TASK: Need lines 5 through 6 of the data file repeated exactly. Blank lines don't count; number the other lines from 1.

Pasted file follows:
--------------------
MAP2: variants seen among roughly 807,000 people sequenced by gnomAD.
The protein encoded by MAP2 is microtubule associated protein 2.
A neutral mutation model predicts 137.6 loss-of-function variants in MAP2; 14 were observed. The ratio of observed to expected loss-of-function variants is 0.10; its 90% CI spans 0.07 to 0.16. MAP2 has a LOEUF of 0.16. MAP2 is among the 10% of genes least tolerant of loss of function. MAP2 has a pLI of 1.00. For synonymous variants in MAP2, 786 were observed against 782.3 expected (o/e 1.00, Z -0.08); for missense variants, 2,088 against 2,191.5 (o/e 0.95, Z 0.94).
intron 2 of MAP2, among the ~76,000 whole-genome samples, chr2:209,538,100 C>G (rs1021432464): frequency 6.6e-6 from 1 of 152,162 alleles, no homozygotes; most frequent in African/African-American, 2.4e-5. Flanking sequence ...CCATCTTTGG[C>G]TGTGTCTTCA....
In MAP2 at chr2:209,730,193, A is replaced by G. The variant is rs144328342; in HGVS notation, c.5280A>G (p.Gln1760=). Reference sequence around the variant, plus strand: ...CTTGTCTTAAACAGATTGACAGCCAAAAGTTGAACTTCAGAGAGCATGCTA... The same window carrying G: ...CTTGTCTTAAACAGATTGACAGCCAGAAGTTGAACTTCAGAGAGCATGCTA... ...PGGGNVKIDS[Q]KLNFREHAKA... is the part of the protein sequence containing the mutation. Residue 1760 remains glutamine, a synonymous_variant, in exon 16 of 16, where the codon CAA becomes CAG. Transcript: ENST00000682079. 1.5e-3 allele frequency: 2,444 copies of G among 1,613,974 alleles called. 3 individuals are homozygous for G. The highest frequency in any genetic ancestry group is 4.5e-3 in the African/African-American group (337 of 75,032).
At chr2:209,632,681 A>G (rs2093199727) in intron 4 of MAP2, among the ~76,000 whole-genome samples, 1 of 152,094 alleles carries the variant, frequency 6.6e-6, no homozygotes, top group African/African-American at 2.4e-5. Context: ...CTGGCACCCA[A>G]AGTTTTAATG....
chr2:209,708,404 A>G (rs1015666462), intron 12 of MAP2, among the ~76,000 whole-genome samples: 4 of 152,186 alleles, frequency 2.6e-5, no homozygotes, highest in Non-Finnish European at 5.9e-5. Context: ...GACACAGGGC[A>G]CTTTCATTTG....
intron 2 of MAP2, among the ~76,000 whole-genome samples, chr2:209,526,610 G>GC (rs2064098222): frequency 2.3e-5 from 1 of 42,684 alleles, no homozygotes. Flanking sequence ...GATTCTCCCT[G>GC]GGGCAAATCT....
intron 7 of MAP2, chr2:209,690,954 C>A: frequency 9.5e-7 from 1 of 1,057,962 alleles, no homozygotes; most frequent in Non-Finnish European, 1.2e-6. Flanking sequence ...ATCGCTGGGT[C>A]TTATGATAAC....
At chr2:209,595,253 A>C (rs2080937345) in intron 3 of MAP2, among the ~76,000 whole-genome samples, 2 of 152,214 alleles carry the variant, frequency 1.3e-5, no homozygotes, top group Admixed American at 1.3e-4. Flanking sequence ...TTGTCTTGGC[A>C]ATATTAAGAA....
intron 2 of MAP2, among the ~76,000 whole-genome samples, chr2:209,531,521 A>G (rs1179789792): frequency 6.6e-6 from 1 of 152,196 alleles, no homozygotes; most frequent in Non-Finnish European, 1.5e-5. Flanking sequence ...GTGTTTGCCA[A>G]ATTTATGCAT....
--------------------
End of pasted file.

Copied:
In MAP2 at chr2:209,730,193, A is replaced by G. The variant is rs144328342; in HGVS notation, c.5280A>G (p.Gln1760=). Reference sequence around the variant, plus strand: ...CTTGTCTTAAACAGATTGACAGCCAAAAGTTGAACTTCAGAGAGCATGCTA... The same window carrying G: ...CTTGTCTTAAACAGATTGACAGCCAGAAGTTGAACTTCAGAGAGCATGCTA... ...PGGGNVKIDS[Q]KLNFREHAKA... is the part of the protein sequence containing the mutation. Residue 1760 remains glutamine, a synonymous_variant, in exon 16 of 16, where the codon CAA becomes CAG. Transcript: ENST00000682079. 1.5e-3 allele frequency: 2,444 copies of G among 1,613,974 alleles called. 3 individuals are homozygous for G. The highest frequency in any genetic ancestry group is 4.5e-3 in the African/African-American group (337 of 75,032).
At chr2:209,632,681 A>G (rs2093199727) in intron 4 of MAP2, among the ~76,000 whole-genome samples, 1 of 152,094 alleles carries the variant, frequency 6.6e-6, no homozygotes, top group African/African-American at 2.4e-5. Context: ...CTGGCACCCA[A>G]AGTTTTAATG....